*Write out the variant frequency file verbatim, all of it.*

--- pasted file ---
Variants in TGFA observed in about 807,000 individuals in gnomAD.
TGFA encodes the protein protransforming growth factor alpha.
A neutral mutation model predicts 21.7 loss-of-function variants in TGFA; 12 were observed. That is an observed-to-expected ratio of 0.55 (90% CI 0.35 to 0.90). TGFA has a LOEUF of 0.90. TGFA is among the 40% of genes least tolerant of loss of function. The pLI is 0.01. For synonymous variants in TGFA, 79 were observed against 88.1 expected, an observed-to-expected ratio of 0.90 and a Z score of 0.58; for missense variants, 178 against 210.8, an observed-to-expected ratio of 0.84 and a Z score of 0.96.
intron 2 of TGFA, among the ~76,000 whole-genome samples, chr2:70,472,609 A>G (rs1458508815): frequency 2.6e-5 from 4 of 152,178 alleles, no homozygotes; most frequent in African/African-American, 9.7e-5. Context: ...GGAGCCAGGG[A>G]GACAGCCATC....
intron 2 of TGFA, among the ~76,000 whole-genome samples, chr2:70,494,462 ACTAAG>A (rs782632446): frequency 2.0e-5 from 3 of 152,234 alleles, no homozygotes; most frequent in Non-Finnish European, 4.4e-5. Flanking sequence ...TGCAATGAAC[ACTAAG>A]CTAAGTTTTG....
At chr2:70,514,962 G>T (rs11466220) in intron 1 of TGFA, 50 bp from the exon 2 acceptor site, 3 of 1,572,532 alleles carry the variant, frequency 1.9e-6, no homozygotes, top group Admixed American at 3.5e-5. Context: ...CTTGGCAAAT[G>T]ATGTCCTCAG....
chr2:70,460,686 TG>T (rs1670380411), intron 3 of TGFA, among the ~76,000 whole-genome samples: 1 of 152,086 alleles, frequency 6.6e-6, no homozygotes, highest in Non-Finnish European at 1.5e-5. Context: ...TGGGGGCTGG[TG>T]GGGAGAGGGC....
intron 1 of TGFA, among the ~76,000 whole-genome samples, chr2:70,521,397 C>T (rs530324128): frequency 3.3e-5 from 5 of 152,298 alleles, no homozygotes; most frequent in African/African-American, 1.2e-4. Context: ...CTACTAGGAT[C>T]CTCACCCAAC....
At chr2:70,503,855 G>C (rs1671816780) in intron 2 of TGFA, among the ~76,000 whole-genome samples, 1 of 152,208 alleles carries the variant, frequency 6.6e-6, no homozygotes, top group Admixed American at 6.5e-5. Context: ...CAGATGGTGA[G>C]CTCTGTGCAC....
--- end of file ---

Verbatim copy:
Variants in TGFA observed in about 807,000 individuals in gnomAD.
TGFA encodes the protein protransforming growth factor alpha.
A neutral mutation model predicts 21.7 loss-of-function variants in TGFA; 12 were observed. That is an observed-to-expected ratio of 0.55 (90% CI 0.35 to 0.90). TGFA has a LOEUF of 0.90. TGFA is among the 40% of genes least tolerant of loss of function. The pLI is 0.01. For synonymous variants in TGFA, 79 were observed against 88.1 expected, an observed-to-expected ratio of 0.90 and a Z score of 0.58; for missense variants, 178 against 210.8, an observed-to-expected ratio of 0.84 and a Z score of 0.96.
intron 2 of TGFA, among the ~76,000 whole-genome samples, chr2:70,472,609 A>G (rs1458508815): frequency 2.6e-5 from 4 of 152,178 alleles, no homozygotes; most frequent in African/African-American, 9.7e-5. Context: ...GGAGCCAGGG[A>G]GACAGCCATC....
intron 2 of TGFA, among the ~76,000 whole-genome samples, chr2:70,494,462 ACTAAG>A (rs782632446): frequency 2.0e-5 from 3 of 152,234 alleles, no homozygotes; most frequent in Non-Finnish European, 4.4e-5. Flanking sequence ...TGCAATGAAC[ACTAAG>A]CTAAGTTTTG....
At chr2:70,514,962 G>T (rs11466220) in intron 1 of TGFA, 50 bp from the exon 2 acceptor site, 3 of 1,572,532 alleles carry the variant, frequency 1.9e-6, no homozygotes, top group Admixed American at 3.5e-5. Context: ...CTTGGCAAAT[G>T]ATGTCCTCAG....
chr2:70,460,686 TG>T (rs1670380411), intron 3 of TGFA, among the ~76,000 whole-genome samples: 1 of 152,086 alleles, frequency 6.6e-6, no homozygotes, highest in Non-Finnish European at 1.5e-5. Context: ...TGGGGGCTGG[TG>T]GGGAGAGGGC....
intron 1 of TGFA, among the ~76,000 whole-genome samples, chr2:70,521,397 C>T (rs530324128): frequency 3.3e-5 from 5 of 152,298 alleles, no homozygotes; most frequent in African/African-American, 1.2e-4. Context: ...CTACTAGGAT[C>T]CTCACCCAAC....
At chr2:70,503,855 G>C (rs1671816780) in intron 2 of TGFA, among the ~76,000 whole-genome samples, 1 of 152,208 alleles carries the variant, frequency 6.6e-6, no homozygotes, top group Admixed American at 6.5e-5. Context: ...CAGATGGTGA[G>C]CTCTGTGCAC....